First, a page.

London - The present Chelsea regime did not break any rules in keeping quiet about allegations of sex abuse suffered by former youth player Gary Johnson, the English Premier League said.
"After careful consideration, the board has determined that no Premier League rules were broken by the club not reporting this matter to them in 2014," the Premier League said in a statement Thursday.
The Premier League said it has insisted that Chelsea, whose present owner Russian oligarch Roman Abramovich took over years after the abuse, have an independent expert carry out a full safeguarding audit.
"The League has no reason to have any concerns about Chelsea's current provisions in this area, but, given the seriousness of these historical allegations, feels that such a review is an appropriate course of action," it added.
Chelsea additionally has to provide the Premier League with details of the club's internal review on historic abuse, launched after Johnson and several other former players came forward to claim they had been abused by scout Eddie Heath back in the 1970's.
The Premier League said Chelsea has agreed to the requests.
The club and Abramovich have been lambasted for imposing a gagging order as a condition of paying Johnson 50,000 ($63,850, 59,230 euros) compensation in 2015 for the abuse he suffered at the hands of Heath.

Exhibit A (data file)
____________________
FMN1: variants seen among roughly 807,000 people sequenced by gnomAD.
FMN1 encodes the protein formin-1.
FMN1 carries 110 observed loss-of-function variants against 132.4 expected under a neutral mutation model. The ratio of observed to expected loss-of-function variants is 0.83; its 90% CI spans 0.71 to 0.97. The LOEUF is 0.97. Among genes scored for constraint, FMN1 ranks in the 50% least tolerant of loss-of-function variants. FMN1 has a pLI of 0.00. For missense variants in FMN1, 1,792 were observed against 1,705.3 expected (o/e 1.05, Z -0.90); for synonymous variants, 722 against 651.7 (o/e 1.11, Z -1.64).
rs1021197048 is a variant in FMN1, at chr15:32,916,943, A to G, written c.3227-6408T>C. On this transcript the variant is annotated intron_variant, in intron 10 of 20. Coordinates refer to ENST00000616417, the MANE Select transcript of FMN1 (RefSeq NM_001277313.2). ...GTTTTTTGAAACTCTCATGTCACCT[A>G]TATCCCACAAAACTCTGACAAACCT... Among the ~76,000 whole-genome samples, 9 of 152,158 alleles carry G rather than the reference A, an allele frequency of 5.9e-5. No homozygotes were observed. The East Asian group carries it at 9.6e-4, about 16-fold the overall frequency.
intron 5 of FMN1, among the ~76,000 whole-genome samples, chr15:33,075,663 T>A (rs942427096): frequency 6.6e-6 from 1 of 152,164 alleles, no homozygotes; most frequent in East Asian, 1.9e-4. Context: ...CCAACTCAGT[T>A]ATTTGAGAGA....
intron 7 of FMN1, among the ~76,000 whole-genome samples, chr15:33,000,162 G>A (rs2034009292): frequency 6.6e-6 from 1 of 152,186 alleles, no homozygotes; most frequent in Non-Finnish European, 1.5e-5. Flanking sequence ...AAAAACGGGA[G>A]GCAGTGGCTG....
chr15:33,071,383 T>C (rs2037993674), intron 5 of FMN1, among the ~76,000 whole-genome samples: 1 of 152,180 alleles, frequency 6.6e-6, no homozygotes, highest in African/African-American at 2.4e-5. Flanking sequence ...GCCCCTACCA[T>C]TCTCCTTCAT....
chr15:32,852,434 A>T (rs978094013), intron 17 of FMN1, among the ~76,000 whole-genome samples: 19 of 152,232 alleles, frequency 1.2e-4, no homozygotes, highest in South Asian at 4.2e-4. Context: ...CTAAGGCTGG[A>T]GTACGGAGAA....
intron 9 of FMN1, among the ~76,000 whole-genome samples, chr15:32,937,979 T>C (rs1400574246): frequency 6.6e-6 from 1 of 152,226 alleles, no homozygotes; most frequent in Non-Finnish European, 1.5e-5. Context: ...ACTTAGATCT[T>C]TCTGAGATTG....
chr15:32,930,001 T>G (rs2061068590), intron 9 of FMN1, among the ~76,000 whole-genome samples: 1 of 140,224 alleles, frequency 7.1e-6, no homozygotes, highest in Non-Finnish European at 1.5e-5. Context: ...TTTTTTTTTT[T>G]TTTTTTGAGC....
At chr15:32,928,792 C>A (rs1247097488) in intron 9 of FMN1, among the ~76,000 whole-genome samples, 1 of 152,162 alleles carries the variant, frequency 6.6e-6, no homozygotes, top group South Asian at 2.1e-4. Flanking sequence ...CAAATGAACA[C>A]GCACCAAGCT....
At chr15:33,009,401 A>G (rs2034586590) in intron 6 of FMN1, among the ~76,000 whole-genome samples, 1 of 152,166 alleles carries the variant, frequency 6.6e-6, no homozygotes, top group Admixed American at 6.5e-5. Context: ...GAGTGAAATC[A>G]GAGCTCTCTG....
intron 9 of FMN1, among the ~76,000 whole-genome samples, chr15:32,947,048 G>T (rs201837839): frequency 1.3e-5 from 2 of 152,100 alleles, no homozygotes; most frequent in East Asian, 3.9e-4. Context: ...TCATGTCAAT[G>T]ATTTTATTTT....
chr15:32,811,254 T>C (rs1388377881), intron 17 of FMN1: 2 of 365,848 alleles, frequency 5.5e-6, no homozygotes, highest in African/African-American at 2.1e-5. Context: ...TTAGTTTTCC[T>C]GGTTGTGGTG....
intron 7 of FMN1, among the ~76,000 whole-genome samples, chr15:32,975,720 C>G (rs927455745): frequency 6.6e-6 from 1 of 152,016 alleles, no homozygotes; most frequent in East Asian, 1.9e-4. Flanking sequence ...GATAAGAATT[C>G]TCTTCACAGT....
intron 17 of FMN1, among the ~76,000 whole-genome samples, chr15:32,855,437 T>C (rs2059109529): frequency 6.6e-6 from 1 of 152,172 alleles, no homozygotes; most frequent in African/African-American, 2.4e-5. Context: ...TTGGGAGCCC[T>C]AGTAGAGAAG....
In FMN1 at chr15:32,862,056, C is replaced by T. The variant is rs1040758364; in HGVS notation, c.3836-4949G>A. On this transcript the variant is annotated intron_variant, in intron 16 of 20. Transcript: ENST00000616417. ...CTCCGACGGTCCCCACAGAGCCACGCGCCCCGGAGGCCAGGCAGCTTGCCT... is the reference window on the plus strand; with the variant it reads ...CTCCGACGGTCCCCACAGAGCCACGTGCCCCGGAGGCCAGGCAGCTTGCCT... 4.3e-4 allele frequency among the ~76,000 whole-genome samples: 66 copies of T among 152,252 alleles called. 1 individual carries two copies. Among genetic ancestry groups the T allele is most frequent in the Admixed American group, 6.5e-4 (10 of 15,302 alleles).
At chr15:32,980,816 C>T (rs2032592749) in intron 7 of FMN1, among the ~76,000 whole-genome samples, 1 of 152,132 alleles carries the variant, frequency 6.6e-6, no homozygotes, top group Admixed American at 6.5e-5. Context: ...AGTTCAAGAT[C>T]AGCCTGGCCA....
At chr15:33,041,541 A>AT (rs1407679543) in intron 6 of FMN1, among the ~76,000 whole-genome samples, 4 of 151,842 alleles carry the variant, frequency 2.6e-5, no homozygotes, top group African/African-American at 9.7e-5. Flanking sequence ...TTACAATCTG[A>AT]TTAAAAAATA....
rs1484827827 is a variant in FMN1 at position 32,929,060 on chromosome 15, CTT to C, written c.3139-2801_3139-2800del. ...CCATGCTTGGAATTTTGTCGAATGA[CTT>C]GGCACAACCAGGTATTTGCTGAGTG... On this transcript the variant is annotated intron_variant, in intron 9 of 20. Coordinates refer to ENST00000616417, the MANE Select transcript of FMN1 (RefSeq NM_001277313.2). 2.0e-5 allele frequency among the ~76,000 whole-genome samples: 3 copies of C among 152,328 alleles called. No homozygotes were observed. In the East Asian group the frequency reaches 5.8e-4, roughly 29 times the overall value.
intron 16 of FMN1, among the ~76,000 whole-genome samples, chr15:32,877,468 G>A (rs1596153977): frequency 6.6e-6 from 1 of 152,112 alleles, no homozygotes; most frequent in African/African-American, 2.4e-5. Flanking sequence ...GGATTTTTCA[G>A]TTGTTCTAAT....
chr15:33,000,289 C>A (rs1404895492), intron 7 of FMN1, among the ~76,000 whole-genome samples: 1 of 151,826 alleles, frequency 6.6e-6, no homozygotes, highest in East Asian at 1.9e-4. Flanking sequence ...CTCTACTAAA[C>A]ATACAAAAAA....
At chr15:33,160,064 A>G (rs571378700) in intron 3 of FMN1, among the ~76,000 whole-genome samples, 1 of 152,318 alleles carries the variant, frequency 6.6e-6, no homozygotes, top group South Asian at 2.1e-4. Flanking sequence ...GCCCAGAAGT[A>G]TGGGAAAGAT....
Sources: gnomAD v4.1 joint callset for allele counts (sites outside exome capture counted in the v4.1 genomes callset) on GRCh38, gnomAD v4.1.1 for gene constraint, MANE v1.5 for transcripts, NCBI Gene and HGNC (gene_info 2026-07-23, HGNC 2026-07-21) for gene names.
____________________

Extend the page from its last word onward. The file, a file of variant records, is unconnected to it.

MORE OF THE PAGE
Johnson, now 57, broke the gagging order once other former footballers had come forward to claim they had been victims of sex abuse decades ago and he told the BBC he would be seeking greater compensation from Chelsea as the abuse had "taken away his childhood".
There has been some speculation that Chelsea could face a group action law suit that could potentially cost them millions.
'Phoning from the moon'
Heath, who died in 1983 aged 54, was sacked by Chelsea in 1979 by then manager Geoff Hurst, not for sexual impropriety but because he spent more time decorating his office than scouting.
He moved on to another London club, Charlton Athletic, where a former youth player alleges he was abused by him.
It is not known whether Chelsea are one of the four London-based Premier League teams under police investigation over historic abuse. Twenty-six other clubs from the capital are also involved.
However, former detective Clive Driscoll said Friday that Chelsea and another current Premier League club, Crystal Palace, had dismissed his warning in 2001 about another scout.
John Butcher had been convicted in 1993 of attempting to smuggle child abuse images into England from the Netherlands.
"I spoke to Millwall, Chelsea and Palace about Butcher and warned them about him in 2001," Driscoll told The Times.
"I was a detective inspector at the time and I was phoning them from the police, but I might as well have been phoning from the moon.
"I was saying he had a conviction but they just treated it as a football matter," said Driscoll, who during his career successfully brought the white killers of black teenager Stephen Lawrence to trial after years of frustration over the initial investigation.
According to the information gathered by Operation Hydrant, the UK-wide police investigation into non-recent child sexual abuse, 148 clubs are now involved, with 155 potential suspects and 429 victims, aged between four and 20.